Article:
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THE ADVENTURE OF THE GOLDEN PINCE-NEZ
When I look at the three massive manuscript volumes which contain our work
for the year 1894, I confess that it is very difficult for me, out of such
a wealth of material, to select the cases which are most interesting in
themselves, and at the same time most conducive to a display of those
peculiar powers for which my friend was famous. As I turn over the pages,
I see my notes upon the repulsive story of the red leech and the terrible
death of Crosby, the banker. Here also I find an account of the Addleton
tragedy, and the singular contents of the ancient British barrow. The
famous Smith-Mortimer succession case comes also within this period, and
so does the tracking and arrest of Huret, the Boulevard assassin—an
exploit which won for Holmes an autograph letter of thanks from the French
President and the Order of the Legion of Honour. Each of these would
furnish a narrative, but on the whole I am of opinion that none of them
unites so many singular points of interest as the episode of Yoxley Old
Place, which includes not only the lamentable death of young Willoughby
Smith, but also those subsequent developments which threw so curious a
light upon the causes of the crime.
It was a wild, tempestuous night, towards the close of November. Holmes
and I sat together in silence all the evening, he engaged with a powerful
lens deciphering the remains of the original inscription upon a
palimpsest, I deep in a recent treatise upon surgery. Outside the wind
howled down Baker Street, while the rain beat fiercely against the
windows. It was strange there, in the very depths of the town, with ten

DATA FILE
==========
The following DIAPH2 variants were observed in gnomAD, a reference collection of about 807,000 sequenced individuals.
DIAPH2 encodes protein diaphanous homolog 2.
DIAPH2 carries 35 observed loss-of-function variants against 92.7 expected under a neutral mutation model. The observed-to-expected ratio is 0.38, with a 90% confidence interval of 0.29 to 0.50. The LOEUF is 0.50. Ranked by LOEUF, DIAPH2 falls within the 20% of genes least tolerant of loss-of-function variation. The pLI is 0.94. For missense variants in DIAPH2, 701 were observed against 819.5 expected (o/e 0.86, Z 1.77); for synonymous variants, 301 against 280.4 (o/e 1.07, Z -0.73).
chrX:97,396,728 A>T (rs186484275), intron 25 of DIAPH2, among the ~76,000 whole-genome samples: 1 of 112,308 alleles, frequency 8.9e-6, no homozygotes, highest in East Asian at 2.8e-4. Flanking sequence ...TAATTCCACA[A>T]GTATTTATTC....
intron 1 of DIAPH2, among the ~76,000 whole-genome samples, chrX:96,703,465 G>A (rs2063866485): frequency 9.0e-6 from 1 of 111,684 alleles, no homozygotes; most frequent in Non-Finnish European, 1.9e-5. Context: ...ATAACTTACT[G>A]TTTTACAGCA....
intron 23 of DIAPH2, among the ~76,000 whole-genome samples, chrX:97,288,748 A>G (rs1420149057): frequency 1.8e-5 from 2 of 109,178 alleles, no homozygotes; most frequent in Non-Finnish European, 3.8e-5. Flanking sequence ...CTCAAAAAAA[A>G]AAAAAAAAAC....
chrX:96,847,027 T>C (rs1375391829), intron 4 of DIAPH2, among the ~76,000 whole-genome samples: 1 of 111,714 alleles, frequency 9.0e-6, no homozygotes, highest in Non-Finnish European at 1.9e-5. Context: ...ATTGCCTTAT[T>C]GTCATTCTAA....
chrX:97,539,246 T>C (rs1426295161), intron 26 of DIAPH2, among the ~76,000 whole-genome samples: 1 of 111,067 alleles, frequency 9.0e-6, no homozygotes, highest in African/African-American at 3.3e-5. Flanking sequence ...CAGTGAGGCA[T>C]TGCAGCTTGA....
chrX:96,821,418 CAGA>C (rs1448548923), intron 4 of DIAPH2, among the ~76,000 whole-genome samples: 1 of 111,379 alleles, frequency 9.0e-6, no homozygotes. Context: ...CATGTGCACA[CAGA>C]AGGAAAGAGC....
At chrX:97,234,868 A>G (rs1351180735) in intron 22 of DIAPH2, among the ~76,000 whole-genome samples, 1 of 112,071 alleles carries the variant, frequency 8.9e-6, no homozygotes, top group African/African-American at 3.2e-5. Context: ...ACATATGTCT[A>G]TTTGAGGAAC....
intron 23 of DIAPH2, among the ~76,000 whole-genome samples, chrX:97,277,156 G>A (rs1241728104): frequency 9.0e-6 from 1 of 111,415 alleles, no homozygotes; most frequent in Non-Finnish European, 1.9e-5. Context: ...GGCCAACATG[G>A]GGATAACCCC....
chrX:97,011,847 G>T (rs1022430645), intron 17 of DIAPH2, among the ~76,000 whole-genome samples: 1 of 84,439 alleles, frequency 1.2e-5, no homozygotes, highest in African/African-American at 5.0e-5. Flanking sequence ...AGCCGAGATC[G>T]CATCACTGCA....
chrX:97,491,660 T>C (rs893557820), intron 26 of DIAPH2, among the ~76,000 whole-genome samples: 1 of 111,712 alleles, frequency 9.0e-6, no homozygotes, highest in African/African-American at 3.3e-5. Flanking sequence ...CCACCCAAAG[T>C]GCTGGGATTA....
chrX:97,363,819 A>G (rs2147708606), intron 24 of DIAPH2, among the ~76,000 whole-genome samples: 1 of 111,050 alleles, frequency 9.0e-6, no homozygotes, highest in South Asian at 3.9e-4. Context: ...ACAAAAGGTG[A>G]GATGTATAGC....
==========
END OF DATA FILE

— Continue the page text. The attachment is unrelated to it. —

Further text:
miles of man's handiwork on every side of us, to feel the iron grip of
Nature, and to be conscious that to the huge elemental forces all London
was no more than the molehills that dot the fields. I walked to the
window, and looked out on the deserted street. The occasional lamps
gleamed on the expanse of muddy road and shining pavement. A single cab
was splashing its way from the Oxford Street end.
"Well, Watson, it's as well we have not to turn out to-night," said
Holmes, laying aside his lens and rolling up the palimpsest. "I've done
enough for one sitting. It is trying work for the eyes. So far as I can
make out, it is nothing more exciting than an Abbey's accounts dating from
the second half of the fifteenth century. Halloa! halloa! halloa! What's
Amid the droning of the wind there had come the stamping of a horse's
hoofs, and the long grind of a wheel as it rasped against the curb. The
cab which I had seen had pulled up at our door.
"What can he want?" I ejaculated, as a man stepped out of it.
"Want? He wants us. And we, my poor Watson, want overcoats and cravats and
goloshes, and every aid that man ever invented to fight the weather. Wait
a bit, though! There's the cab off again! There's hope yet. He'd have kept
it if he had wanted us to come. Run down, my dear fellow, and open the
door, for all virtuous folk have been long in bed."
When the light of the hall lamp fell upon our midnight visitor, I had no
difficulty in recognizing him. It was young Stanley Hopkins, a promising
detective, in whose career Holmes had several times shown a very practical
"Is he in?" he asked, eagerly.
"Come up, my dear sir," said Holmes's voice from above. "I hope you have
no designs upon us such a night as this."
The detective mounted the stairs, and our lamp gleamed upon his shining
waterproof. I helped him out of it, while Holmes knocked a blaze out of
the logs in the grate.
"Now, my dear Hopkins, draw up and warm your toes," said he. "Here's a
cigar, and the doctor has a prescription containing hot water and a lemon,
which is good medicine on a night like this. It must be something
important which has brought you out in such a gale."
"It is indeed, Mr. Holmes. I've had a bustling afternoon, I promise you.